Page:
drink water every day; nearly all of your organs are made up of
water—your body is approximately 70% water. Your body needs
water to transport nutrients, remove wastes, maintain body temperature
and regulate cell volume—in short, to survive. You’re
well aware that you need to drink at least eight glasses of water
per day. But what’s the real deal when it comes to drinking
water? How safe are you? Is bottled water best? Do the contaminants
you hear so much about in the news outweigh the health benefits
of water? If you’re an educated consumer, you probably have
asked at least one of these questions before.
According to the Environmental Protection Agency (EPA), naturally
pure drinking water doesn’t exist. That means that no matter
how hard you try to purify your water, some form of contaminant
is going to be present. What matters is that those contaminants
aren’t harmful to your health and are carefully balanced.
Most people, about 250 million, get their water from a public supply.
If this includes you, then you can rest assured that your water
is relatively safe. In 1974, the EPA established strict regulations
for keeping your water safe. The EPA now has specific guidelines
for the levels of contaminants that may be present in public drinking
water. If any level goes over the restricted level, you will be
Many people, especially those living in rural areas, get their
water from private sources, or wells. Well water is not checked
regularly, nor is it restricted or regulated. So if you have your
own well, you need to make sure your water is tested annually for
contamination problems, especially nitrate, radon, pesticides and
coliform bacteria (all common contaminants in well water). Your
local health department will advise you about which contaminants
are prevalent in your area and how safe your well is. It’s
also important to limit any potentially risky or polluting activities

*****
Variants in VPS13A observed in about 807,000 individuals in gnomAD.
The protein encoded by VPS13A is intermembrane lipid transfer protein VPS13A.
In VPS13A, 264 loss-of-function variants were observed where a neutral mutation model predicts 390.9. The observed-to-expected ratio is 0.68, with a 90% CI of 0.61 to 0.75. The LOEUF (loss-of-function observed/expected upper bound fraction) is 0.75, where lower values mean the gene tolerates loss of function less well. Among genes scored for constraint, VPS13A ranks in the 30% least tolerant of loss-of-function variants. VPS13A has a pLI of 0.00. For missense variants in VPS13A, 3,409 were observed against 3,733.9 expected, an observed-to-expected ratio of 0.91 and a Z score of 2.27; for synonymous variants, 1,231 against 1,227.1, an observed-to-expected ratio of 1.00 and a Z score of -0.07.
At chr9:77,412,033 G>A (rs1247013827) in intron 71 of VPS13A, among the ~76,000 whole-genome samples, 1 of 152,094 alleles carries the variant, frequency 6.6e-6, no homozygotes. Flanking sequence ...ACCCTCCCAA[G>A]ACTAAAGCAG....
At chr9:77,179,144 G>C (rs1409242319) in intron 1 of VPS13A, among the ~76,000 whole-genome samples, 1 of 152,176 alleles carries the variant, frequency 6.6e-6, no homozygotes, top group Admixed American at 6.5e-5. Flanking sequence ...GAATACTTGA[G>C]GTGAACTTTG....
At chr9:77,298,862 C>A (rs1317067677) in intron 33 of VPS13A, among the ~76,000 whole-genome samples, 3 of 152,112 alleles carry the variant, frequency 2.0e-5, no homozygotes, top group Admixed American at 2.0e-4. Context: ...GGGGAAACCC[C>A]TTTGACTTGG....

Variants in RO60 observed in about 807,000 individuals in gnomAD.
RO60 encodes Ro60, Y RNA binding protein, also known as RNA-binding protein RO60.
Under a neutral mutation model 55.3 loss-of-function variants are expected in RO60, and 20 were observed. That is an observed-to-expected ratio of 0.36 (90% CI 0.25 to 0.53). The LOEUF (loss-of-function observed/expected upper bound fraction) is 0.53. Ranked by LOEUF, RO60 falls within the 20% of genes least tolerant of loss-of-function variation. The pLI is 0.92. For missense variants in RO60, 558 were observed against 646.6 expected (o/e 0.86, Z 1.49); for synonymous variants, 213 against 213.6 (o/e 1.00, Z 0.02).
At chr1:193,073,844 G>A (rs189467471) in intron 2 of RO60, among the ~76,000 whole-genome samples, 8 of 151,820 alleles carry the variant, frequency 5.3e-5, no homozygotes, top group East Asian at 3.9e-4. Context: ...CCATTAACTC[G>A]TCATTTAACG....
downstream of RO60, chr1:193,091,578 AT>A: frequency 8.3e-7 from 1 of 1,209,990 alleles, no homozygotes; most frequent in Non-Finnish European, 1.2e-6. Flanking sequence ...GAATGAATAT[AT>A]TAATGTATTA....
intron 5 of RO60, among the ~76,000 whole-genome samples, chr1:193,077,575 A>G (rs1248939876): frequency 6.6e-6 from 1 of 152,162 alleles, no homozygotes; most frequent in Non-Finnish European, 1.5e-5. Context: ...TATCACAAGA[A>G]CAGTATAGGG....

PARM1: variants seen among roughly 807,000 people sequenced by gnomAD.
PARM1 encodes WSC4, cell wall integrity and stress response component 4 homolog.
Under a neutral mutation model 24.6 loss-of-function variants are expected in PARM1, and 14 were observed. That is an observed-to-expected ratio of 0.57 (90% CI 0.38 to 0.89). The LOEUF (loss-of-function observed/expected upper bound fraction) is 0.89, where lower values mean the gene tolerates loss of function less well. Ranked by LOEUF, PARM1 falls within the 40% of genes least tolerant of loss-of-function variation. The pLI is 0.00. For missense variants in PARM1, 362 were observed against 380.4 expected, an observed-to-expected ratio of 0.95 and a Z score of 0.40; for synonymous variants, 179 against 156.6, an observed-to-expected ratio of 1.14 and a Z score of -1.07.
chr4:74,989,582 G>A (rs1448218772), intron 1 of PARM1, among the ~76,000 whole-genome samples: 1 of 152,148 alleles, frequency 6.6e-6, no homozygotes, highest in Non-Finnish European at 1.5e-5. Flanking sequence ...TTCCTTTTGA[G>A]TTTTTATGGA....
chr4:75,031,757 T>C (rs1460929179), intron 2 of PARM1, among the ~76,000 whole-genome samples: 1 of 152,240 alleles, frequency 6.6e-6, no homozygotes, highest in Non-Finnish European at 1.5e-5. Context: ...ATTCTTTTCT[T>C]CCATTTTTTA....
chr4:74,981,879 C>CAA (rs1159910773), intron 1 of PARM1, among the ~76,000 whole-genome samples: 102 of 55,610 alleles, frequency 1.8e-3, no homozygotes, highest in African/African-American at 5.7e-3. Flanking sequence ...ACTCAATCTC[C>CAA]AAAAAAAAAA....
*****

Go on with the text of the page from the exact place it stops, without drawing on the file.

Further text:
around your well. Your local health department will provide you
When traveling to other countries or drinking foreign water, look
out especially for bacteria called giardia, a dangerous parasite
present in contaminated water especially in underdeveloped countries
that can make you very sick.
A lot of publicly regulated water either has naturally occurring
fluoride or the community will add fluoride to help protect the
public’s teeth. Fluoride is said to help build strong teeth
and prevent tooth decay. If you’re concerned about not getting
enough fluoride from your drinking water, talk to your dentist about
a supplemental prescription for fluoride. If you’re curious
about the beneficial properties versus the harmful factors of fluoride,
your dentist is the person with whom to talk.
If you have a chronic health condition with a severely impaired
immune system, or if you have young children with special health
concerns, you might need to have specifically filtered water. If
you have HIV/AIDS, take steroids, or if you are undergoing chemotherapy,
then you should discuss your drinking water options with your healthcare
provider. If you’re using tap water to make baby formula,
you might want to talk to your pediatrician about alternatives.
If your water supplier doesn’t meet the EPA standard for nitrate
or lead (they should let you know—contact them to double-check),
and you have young children, talk to a pediatrician about alternative
options for drinking water.
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